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Rolex: The Ultimate Reference

The universally recognised Rolex watchmaking manufacture cultivates its image as a monolithic company that has always enjoyed success. Yet this success owes nothing to chance. It is the result of a global strategy and can be explained by an analysis of the firm’s history, which began in 1905 and entered its legend building phase from 1908, when the Rolex brand name was registered by its founder, Hans Wilsdorf.

We actually know little about this man of Bavarian extraction, but he was undeniably a visionary. His ambition was to establish the brand and its watchmaking creations in the marketplace by differentiating them from competitor brands and products. Rapidly, he decided to focus almost exclusively on wristwatches. To encourage the public to opt for this kind of timepiece-still uncommon in the first decades of the twentieth century-he not only worked on enhancing the production quality of his watches to demonstrate their superiority, but also made marketing an absolute priority, publicising the advantages of his products.

Rolex was not the only watchmaking firm trying to solve a number of major problems such as water resistance. However, Hans Wilsdorf was alone in realising just how important it was for technical watchmaking solutions to remain simple, enabling them to be patented and sustainably applied. He had the opportunity to put his approach into practice when he became convinced that screwing the winder crown into the tube would provide the perfect solution to the water resistance problem. In 1936, he registered this first major invention, which would bring the crown brand to the notice of the general public. The Rolex legend could now begin.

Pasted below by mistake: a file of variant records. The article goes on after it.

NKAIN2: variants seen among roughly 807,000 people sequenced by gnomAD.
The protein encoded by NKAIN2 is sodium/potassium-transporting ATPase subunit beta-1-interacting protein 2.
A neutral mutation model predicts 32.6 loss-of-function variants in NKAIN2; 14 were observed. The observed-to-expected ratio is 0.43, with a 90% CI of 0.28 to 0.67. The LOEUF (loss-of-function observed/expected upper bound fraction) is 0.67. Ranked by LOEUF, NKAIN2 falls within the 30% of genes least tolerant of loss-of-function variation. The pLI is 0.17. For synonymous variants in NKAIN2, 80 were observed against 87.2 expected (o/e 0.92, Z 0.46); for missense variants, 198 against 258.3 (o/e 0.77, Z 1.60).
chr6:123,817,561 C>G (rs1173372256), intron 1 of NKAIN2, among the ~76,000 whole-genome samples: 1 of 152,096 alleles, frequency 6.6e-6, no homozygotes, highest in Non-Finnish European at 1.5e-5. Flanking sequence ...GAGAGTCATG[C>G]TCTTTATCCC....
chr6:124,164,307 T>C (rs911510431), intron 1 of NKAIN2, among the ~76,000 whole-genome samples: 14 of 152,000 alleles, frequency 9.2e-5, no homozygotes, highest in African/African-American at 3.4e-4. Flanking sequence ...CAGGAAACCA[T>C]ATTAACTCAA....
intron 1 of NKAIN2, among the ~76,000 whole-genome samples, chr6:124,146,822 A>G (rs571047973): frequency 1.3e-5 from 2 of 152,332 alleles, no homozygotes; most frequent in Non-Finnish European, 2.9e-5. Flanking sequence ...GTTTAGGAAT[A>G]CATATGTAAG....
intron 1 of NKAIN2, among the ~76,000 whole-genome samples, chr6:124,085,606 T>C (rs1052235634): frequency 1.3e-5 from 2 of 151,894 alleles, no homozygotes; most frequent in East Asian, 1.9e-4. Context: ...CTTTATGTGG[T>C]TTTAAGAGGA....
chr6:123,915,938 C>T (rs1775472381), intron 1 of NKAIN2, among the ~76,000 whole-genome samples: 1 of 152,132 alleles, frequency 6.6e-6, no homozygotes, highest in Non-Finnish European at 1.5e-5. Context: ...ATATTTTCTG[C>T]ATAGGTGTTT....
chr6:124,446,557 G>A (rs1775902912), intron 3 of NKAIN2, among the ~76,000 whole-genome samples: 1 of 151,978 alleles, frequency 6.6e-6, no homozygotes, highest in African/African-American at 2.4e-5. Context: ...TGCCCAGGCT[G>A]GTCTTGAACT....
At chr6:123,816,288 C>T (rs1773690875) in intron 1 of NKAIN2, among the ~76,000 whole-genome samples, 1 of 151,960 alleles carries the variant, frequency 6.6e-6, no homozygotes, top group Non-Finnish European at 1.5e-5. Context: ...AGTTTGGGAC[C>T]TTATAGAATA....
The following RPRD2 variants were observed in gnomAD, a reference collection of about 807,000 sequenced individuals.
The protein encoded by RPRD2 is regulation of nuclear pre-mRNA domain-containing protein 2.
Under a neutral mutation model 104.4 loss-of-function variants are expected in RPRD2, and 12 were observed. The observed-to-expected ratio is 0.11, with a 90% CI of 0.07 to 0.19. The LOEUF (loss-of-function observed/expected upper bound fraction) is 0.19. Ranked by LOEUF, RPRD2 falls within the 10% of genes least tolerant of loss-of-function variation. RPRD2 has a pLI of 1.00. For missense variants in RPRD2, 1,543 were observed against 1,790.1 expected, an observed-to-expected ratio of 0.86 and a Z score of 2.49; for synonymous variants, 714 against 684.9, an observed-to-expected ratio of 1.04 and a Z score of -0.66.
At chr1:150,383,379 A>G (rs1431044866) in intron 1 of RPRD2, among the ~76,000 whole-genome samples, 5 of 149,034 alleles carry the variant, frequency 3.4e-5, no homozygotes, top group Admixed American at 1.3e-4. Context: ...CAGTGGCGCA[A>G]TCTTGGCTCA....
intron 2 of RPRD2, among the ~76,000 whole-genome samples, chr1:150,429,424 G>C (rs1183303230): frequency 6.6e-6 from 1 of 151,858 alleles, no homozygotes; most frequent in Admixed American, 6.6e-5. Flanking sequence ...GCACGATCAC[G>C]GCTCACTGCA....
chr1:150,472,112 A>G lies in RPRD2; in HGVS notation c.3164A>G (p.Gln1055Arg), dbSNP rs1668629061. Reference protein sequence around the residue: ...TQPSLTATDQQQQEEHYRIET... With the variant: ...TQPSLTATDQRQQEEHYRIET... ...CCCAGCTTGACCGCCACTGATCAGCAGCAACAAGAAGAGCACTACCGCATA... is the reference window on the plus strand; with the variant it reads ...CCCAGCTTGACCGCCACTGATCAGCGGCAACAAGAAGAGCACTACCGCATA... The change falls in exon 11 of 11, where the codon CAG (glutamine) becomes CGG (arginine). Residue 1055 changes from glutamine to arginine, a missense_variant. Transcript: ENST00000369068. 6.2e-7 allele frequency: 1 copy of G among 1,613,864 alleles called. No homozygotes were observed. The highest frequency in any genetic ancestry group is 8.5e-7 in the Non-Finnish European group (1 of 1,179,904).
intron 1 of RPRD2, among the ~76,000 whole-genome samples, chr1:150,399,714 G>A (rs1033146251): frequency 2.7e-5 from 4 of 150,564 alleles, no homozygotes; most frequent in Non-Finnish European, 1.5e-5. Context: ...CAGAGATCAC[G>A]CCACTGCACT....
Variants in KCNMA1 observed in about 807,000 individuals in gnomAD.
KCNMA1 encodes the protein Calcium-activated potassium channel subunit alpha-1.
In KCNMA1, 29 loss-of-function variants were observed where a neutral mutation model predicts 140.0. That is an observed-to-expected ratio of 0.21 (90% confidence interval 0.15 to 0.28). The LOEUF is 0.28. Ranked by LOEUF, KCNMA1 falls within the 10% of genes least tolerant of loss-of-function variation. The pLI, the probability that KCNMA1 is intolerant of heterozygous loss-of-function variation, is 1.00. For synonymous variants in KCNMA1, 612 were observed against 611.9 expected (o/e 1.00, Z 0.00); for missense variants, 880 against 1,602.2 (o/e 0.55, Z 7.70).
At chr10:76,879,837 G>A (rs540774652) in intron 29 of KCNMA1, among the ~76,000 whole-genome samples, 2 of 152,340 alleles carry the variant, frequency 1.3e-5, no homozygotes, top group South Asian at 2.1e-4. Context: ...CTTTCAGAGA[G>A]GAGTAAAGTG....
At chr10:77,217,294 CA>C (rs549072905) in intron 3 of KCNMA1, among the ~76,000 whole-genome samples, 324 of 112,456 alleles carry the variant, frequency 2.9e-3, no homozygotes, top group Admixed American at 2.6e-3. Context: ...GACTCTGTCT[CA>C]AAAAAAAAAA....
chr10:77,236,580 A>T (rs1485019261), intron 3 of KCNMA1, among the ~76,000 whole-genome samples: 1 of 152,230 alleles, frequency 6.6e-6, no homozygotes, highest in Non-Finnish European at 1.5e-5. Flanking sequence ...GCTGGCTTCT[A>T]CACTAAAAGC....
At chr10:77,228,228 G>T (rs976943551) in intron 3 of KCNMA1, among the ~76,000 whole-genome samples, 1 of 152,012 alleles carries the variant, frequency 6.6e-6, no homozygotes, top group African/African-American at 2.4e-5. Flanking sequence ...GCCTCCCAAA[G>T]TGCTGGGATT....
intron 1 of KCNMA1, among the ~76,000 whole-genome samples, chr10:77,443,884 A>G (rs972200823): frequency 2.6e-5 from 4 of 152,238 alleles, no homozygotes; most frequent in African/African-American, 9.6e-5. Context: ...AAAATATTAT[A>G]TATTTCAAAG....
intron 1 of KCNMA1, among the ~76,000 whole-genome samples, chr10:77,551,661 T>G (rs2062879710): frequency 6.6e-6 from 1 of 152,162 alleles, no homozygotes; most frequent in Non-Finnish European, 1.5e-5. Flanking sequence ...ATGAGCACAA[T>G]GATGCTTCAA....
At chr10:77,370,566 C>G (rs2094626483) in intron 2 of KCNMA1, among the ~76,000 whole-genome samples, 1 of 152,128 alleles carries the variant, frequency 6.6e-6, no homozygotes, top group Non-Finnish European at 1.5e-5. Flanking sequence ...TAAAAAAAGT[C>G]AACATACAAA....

However, Hans Wilsdorf did not rely on the brilliance of his invention aloe. Fully understanding the importance of communication, he made sure that when the young Mercedes Gleitze successfully swam the English Channel in 1931. Despite these advances, the most important quality for a watch was its perfect precision-almost all chronometer watchmaking production was officially certified by an independent body. Then, watch dials needed to display the information the public wanted. So in 1945, Rolex launched the Datejust. Ultimately, with the invention of water resistance, automatic winding, and the aperture calendar that could be read through a magnifying lens in the crystal, the brand had gone a long way toward realising its vision of a timepiece that we would today call a “general purpose watch.”

For many aficionados, apart from the Day-Date, the models that best embody this approach are watches clearly designed for sport. The legendary Submariner launched in 1953 and worn by Sean Connery in the first James Bond movie, Dr. No. shares its fame with more specialised models such as the GMT Master II and the legendary Cosmograph Daytona chronograph, a favourite of Paul Newman. More recently, the brand has extended its range with the Oyster Perpetual Yacht Master II and the Oyster Perpetual Sea-Dweller Deepsea professional diving watch.

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